A day after publicly slaying a convicted murderer for the first time since they retook power last year, the Taliban publicly flogged 27 Afghans, including women, in front of a sizable crowd on Thursday.
Their chief spokesperson also responded angrily to criticism from other countries of the public punishments, branding it a disrespect for Islam.
The Taliban have progressively revived a hardline interpretation of Islamic law, or Sharia, despite promising a gentler version of the harsh rule that characterized their first term in power. Zabihullah Mujahid, the chief spokesman, claimed that the criticism demonstrated that non-Muslims “don’t have regard for the beliefs, rules, and internal issues of the Muslims.”
The supreme court said in a statement that 27 “criminals” were publicly whipped on Thursday in Charikar, the seat of Parwan province, around 50 kilometers (32 miles) north of Kabul.
According to the report, nine women were among those sentenced to prison or other punishment for offenses such as “sodomy, fraud, fake witness, forgery, selling and buying tablet K (drugs), debauchery, fleeing from home, highway robbery, and unlawful relationships.”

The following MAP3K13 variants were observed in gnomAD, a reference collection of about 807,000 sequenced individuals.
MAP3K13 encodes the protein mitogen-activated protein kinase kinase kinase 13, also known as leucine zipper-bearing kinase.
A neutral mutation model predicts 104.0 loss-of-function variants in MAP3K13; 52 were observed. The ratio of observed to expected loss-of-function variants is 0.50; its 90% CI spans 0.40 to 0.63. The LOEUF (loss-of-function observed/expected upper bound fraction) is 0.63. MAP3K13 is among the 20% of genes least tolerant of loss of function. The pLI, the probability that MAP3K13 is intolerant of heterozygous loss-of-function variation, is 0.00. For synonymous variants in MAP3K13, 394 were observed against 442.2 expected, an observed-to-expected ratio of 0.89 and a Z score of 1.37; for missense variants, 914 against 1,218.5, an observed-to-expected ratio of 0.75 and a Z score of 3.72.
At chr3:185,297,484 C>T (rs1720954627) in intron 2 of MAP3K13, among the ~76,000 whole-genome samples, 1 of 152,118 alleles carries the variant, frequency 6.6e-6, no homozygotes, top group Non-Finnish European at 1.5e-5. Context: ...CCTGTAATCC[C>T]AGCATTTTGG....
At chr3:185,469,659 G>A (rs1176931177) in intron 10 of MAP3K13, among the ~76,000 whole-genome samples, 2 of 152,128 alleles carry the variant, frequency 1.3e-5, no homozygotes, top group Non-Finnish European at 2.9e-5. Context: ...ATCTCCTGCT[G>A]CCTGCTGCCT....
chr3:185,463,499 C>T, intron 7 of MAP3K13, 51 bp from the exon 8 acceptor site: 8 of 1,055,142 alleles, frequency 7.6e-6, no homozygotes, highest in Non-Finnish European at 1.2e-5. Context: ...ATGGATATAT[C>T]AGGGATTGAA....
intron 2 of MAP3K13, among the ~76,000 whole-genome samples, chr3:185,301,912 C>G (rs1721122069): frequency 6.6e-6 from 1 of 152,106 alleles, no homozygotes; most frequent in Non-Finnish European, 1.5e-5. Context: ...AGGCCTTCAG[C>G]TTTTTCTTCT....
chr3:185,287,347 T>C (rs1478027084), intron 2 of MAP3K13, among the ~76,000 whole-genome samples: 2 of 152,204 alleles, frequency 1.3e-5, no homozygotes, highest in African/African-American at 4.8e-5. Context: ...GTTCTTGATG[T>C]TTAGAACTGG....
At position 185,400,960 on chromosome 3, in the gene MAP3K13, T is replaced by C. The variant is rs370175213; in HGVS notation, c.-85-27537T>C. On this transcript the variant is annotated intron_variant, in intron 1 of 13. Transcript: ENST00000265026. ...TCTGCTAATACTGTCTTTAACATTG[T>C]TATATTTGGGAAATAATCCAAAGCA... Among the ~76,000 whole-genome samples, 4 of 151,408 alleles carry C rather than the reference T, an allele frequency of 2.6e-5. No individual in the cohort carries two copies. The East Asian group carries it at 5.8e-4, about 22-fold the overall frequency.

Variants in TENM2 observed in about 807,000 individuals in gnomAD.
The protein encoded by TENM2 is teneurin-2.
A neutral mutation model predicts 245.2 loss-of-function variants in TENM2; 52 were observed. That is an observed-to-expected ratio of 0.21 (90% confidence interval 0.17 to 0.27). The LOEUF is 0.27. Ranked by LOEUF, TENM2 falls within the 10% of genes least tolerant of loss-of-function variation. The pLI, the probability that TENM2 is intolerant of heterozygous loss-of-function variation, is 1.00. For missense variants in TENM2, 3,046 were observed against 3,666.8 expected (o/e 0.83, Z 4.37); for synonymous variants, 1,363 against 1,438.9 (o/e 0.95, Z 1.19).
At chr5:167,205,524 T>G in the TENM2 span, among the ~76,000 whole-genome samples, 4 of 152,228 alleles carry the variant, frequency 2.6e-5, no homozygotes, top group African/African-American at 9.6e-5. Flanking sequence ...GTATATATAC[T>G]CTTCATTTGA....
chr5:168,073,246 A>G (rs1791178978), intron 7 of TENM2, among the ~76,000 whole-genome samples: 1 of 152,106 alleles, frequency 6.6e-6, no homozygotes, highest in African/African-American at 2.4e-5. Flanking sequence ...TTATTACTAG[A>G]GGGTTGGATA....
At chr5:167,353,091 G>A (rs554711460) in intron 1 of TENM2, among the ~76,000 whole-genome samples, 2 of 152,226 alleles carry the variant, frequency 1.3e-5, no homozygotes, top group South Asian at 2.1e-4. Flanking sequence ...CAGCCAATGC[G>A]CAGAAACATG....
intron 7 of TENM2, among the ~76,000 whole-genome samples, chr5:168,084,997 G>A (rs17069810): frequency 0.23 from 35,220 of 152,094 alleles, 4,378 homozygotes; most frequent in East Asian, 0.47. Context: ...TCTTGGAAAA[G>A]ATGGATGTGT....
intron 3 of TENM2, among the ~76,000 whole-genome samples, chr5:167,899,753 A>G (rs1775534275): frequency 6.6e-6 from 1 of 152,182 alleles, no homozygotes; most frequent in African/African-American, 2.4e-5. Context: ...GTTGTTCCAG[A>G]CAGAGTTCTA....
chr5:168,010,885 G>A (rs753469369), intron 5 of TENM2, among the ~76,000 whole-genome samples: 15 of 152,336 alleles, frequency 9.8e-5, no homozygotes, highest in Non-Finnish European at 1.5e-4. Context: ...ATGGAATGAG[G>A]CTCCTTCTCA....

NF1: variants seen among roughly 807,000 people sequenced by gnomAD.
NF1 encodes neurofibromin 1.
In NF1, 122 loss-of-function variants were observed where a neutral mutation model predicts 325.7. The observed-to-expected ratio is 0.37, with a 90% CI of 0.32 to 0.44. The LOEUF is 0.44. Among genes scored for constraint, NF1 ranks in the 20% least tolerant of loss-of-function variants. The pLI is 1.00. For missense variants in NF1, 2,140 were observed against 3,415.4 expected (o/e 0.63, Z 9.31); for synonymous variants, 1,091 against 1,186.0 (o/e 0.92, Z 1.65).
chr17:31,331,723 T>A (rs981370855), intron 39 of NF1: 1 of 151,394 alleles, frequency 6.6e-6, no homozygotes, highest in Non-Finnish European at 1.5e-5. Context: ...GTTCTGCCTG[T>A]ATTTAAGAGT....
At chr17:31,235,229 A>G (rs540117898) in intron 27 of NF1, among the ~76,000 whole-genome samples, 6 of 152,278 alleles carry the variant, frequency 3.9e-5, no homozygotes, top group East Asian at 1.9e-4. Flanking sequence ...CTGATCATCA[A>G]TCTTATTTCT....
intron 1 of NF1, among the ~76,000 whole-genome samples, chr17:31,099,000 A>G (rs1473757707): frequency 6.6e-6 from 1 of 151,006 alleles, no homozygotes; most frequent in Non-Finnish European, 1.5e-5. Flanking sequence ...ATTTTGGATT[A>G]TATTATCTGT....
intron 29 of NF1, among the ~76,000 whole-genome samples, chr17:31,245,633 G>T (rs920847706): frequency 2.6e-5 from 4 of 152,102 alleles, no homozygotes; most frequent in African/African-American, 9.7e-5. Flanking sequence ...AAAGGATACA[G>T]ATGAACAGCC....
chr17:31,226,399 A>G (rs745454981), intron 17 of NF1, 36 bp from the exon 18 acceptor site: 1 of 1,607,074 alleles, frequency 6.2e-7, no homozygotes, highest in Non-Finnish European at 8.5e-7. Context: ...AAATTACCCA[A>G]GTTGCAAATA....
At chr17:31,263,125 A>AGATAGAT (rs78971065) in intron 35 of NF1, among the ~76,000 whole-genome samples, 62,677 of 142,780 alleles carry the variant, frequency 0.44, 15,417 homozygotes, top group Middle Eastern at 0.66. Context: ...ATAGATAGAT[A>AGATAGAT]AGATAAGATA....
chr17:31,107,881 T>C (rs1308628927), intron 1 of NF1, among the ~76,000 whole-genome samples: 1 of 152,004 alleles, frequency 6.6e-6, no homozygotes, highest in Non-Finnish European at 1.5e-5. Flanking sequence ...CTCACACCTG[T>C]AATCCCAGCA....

It stated that all of the defendants “admitted their misdeeds before the court without using any coercion and were satisfied with the penalty.”
At a stadium in the city, the floggings were administered in front of more than 1,000 spectators, a witness told AFP.
“We want the law of God to be imposed on our soil,” the crowd was screaming, along with “Allahu akbar,” he claimed.
The witness further stated that they taunted those receiving floggings by shouting, “Will you do that again?”
A group of Taliban took turns using a cane that was “nearly a metre long and four fingers wide” to beat the prisoners as they writhed in agony from 20 to 39 strikes.
An Eye for an Eye Punishment
In Farah, the capital of the same-named province, on Wednesday, hundreds of people saw a convicted murderer be fatally shot by the father of his victim.
The Taliban said that it was a fair illustration of “qisas,” a principle of Sharia that permits an eye-for-an-eye penalty.
Akhundzada, who has not been seen on camera or in a public photograph since the Taliban retook control, reigns by order from Kandahar, the birthplace and spiritual center of the movement.
According to officials, the death penalty is only applied following a thorough investigation by three courts, and Akhundzada checks the final judgment in each case.
Foreign governments condemned the news of Wednesday’s public execution, with the United States labeling it “an affront to the dignity and human rights of all Afghans.”
Ned Price, a spokesperson for the State Department, told reporters, “This implies to us that the Taliban seek a return to their peristalsis and abusive practices of the 1990s.”
Antonio Guterres, the secretary-general of the UN, voiced “grave concern” about the report.